[Editor's Note (Skoudis): This concept is important as a form of cyber deterrence. While the US doesn't need to go into details about its capabilities, it should signal would-be adversaries that it has significant offensive cyber capabilities and that it is willing to use them. Otherwise, too much ambiguity could lead to tragic miscalculations by would-be foes. ]

Swedish ISPs Say They Will Not Log IP Addresses (April 28 & 29, 2009)

Tele2 AB, one of Sweden's major Internet service providers (ISPs), will become the second ISP in that country to stop logging users' IP addresses; the decision was made in response to Swedish legislation that makes it easier for copyright holders to obtain identities of users suspected of downloading copyrighted material without permission. The law, which took effect on April 1, allows copyright holders to obtain court orders requiring ISPs to provide the IP addresses of computers suspected of being used for illegal downloading. Earlier in April, Swedish ISP Bahnhof announced it would cease keeping log files.


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Nugache Worm Author Sentenced (April 29, 2009)

Jason Michael Milmont, who last year admitted to creating the Nugache worm, has been sentenced to one year of home confinement and five years of supervised release. He was also ordered to pay US $37,000 in restitution. Nugache was used to create a botnet that used a peer-to-peer system to send instructions to infected computers. Milmont used the botnet to launch a distributed denial-of-service (DDoS) attack against an online company based in California and to steal financial information, which he used to make fraudulent purchases.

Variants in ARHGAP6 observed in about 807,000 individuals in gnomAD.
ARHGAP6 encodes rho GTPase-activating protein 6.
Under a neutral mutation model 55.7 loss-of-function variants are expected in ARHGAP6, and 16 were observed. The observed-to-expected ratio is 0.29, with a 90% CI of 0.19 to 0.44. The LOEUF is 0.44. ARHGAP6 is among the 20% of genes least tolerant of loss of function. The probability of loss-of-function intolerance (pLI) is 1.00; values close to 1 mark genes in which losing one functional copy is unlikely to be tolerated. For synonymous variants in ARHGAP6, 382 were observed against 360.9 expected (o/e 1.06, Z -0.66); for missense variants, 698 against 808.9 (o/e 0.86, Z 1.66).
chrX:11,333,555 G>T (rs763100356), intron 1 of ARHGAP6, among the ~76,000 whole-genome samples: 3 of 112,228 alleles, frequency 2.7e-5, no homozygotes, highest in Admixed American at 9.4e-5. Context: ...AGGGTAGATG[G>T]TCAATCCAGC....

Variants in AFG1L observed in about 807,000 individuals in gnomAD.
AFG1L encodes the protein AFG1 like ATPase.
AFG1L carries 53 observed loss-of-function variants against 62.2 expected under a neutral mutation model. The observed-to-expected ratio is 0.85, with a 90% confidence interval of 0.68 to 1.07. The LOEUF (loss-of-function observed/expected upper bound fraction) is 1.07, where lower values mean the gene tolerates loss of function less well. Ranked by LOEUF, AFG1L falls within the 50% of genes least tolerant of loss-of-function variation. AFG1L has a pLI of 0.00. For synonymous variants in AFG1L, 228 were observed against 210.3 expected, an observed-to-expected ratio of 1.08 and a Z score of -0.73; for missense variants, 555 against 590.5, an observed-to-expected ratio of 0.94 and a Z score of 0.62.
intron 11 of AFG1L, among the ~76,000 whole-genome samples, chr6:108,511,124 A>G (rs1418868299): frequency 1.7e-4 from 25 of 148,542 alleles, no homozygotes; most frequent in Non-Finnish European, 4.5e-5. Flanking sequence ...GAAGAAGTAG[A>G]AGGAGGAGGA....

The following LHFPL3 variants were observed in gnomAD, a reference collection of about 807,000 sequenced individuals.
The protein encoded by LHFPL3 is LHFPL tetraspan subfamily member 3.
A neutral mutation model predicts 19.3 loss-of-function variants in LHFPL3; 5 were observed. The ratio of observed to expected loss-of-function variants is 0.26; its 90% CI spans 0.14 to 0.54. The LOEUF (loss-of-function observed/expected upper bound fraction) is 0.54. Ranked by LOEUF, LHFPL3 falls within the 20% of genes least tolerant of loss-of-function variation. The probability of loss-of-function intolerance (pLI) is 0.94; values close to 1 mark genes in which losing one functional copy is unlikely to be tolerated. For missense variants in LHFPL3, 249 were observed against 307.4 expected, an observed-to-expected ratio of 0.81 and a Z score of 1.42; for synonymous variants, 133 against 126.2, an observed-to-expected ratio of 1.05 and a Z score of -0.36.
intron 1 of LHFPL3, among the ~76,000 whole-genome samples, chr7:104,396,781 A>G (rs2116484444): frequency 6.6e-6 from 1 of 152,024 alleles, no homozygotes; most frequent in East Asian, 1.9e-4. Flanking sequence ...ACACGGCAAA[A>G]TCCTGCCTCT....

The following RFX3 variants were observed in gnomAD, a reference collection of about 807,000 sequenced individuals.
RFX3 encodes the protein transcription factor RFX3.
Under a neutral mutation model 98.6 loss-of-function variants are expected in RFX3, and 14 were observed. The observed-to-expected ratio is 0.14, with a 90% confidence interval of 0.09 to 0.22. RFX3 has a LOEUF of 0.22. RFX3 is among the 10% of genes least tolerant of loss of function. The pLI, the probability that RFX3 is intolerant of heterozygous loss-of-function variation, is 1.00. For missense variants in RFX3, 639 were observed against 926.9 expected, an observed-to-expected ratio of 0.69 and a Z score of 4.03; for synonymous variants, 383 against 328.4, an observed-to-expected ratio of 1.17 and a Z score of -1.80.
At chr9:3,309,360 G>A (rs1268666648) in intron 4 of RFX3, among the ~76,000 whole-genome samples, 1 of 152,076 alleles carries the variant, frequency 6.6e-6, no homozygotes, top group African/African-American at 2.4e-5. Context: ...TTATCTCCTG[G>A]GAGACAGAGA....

[Editor's Note (Northcutt): Complicating factor: apparently Mr. Milmont had a brain tumor. He was very clever though. The Dittrich paper on Nugache at the University of Washington site is also a good read and there are a couple nuggets in the hometown paper link:


Lawmakers Seek to Increase Federal Energy Regulatory Commission's Authority (April 29, 2009)

Legislation expected to be introduced this week in the US Congress is intended to provide increased protection for computer systems that control the country's critical infrastructure. The proposed legislation would give the Federal Energy Regulatory Commission (FERC) the authority to require protective emergency action by companies that own and control the networks that support the country's power grid in the event of certain cyber attacks. Experts say the legislation does not go far enough and should cover companies that control transportation and water elements of the critical infrastructure as well.